A left neighbor segment is assumed to end at the start vertex of the current segment, and to start at the previous vertex in the vertex buffer. Similarly, the right neighbor segment is assumed to start at the end vertex of the current segment, and to end at the next vertex in the vertex buffer.
Only when the left and right bits are properly specified the current segment can properly attach to the left and/or right neighbor, otherwise the touching area may not get rendered properly.
For the cubic Bézier basis the indices point to the first of 4 consecutive control points in the vertex buffer. These control points use the cubic Bézier basis, where the first control point represents the start point of the curve, and the 4th control point the end point of the curve. The Bézier basis is interpolating, thus the curve does go exactly through the first and fourth control vertex.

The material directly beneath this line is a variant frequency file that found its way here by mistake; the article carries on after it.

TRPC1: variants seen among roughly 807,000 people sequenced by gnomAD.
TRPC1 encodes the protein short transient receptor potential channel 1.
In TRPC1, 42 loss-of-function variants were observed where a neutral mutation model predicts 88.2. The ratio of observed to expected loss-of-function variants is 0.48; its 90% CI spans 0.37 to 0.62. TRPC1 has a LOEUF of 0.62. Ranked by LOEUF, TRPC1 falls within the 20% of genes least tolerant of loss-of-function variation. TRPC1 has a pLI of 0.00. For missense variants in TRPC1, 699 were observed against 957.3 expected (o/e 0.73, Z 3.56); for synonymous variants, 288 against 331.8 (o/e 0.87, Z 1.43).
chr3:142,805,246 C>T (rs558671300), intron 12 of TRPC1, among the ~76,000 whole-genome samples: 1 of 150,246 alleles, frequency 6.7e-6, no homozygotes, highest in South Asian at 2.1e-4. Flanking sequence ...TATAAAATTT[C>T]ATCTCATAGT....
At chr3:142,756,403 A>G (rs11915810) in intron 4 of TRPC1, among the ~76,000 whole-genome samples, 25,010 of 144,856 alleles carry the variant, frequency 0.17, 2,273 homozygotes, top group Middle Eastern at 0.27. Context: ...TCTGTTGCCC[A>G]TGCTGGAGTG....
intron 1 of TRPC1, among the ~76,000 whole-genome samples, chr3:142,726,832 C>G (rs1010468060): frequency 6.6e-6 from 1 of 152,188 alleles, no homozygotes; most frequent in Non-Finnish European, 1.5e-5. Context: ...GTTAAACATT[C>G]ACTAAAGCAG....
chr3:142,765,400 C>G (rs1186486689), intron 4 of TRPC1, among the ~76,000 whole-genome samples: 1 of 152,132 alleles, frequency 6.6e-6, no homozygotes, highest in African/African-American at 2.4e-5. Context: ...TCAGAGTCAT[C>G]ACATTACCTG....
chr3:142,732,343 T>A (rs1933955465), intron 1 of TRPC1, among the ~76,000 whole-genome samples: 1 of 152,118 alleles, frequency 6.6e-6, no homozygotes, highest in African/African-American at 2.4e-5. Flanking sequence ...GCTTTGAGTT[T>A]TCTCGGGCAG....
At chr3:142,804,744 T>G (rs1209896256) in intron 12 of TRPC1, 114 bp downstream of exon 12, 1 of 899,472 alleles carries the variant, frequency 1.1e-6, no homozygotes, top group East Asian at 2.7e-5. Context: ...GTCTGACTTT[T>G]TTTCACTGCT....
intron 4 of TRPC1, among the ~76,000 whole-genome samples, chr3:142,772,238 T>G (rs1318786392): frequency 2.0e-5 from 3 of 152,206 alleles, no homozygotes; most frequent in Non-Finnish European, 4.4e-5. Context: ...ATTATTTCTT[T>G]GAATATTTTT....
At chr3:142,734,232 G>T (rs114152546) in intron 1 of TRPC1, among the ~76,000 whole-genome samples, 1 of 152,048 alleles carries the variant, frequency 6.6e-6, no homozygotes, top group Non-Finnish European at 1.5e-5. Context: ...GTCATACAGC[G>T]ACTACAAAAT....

For the cubic B-spline basis the indices point to the first of 4 consecutive control points in the vertex buffer. These control points make up a cardinal cubic B-spline (implicit equidistant knot vector). This basis is not interpolating, thus the curve does in general not go through any of the control points directly. A big advantage of this basis is that 3 control points can be shared for two continuous neighboring curve segments, e.g. the curves (p0,p1,p2,p3) and (p1,p2,p3,p4) are C1 continuous. This feature makes this basis a good choice to construct continuous multi-segment curves, as memory consumption can be kept minimal.